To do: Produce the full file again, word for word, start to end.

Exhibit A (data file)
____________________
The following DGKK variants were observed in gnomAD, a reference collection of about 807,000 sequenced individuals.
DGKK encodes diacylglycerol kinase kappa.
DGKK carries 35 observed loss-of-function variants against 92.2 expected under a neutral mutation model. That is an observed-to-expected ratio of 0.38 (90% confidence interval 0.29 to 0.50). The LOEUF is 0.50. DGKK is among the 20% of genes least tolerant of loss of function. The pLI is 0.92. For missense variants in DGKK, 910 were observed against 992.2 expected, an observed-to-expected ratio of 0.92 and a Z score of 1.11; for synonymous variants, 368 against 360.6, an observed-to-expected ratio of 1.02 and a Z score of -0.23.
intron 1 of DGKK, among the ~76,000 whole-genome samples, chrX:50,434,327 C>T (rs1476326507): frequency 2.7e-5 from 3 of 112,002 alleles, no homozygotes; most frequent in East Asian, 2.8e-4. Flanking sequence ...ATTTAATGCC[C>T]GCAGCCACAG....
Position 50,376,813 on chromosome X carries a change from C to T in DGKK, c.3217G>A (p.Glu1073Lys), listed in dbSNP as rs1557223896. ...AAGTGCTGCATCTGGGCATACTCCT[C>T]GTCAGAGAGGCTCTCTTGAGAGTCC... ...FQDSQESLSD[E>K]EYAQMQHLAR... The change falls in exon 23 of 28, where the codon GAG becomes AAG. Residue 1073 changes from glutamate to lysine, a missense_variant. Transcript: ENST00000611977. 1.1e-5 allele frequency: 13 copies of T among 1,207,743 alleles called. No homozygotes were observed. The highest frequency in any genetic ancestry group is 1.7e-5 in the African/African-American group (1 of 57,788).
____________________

The following DGKK variants were observed in gnomAD, a reference collection of about 807,000 sequenced individuals.
DGKK encodes diacylglycerol kinase kappa.
DGKK carries 35 observed loss-of-function variants against 92.2 expected under a neutral mutation model. That is an observed-to-expected ratio of 0.38 (90% confidence interval 0.29 to 0.50). The LOEUF is 0.50. DGKK is among the 20% of genes least tolerant of loss of function. The pLI is 0.92. For missense variants in DGKK, 910 were observed against 992.2 expected, an observed-to-expected ratio of 0.92 and a Z score of 1.11; for synonymous variants, 368 against 360.6, an observed-to-expected ratio of 1.02 and a Z score of -0.23.
intron 1 of DGKK, among the ~76,000 whole-genome samples, chrX:50,434,327 C>T (rs1476326507): frequency 2.7e-5 from 3 of 112,002 alleles, no homozygotes; most frequent in East Asian, 2.8e-4. Flanking sequence ...ATTTAATGCC[C>T]GCAGCCACAG....
Position 50,376,813 on chromosome X carries a change from C to T in DGKK, c.3217G>A (p.Glu1073Lys), listed in dbSNP as rs1557223896. ...AAGTGCTGCATCTGGGCATACTCCT[C>T]GTCAGAGAGGCTCTCTTGAGAGTCC... ...FQDSQESLSD[E>K]EYAQMQHLAR... The change falls in exon 23 of 28, where the codon GAG becomes AAG. Residue 1073 changes from glutamate to lysine, a missense_variant. Transcript: ENST00000611977. 1.1e-5 allele frequency: 13 copies of T among 1,207,743 alleles called. No homozygotes were observed. The highest frequency in any genetic ancestry group is 1.7e-5 in the African/African-American group (1 of 57,788).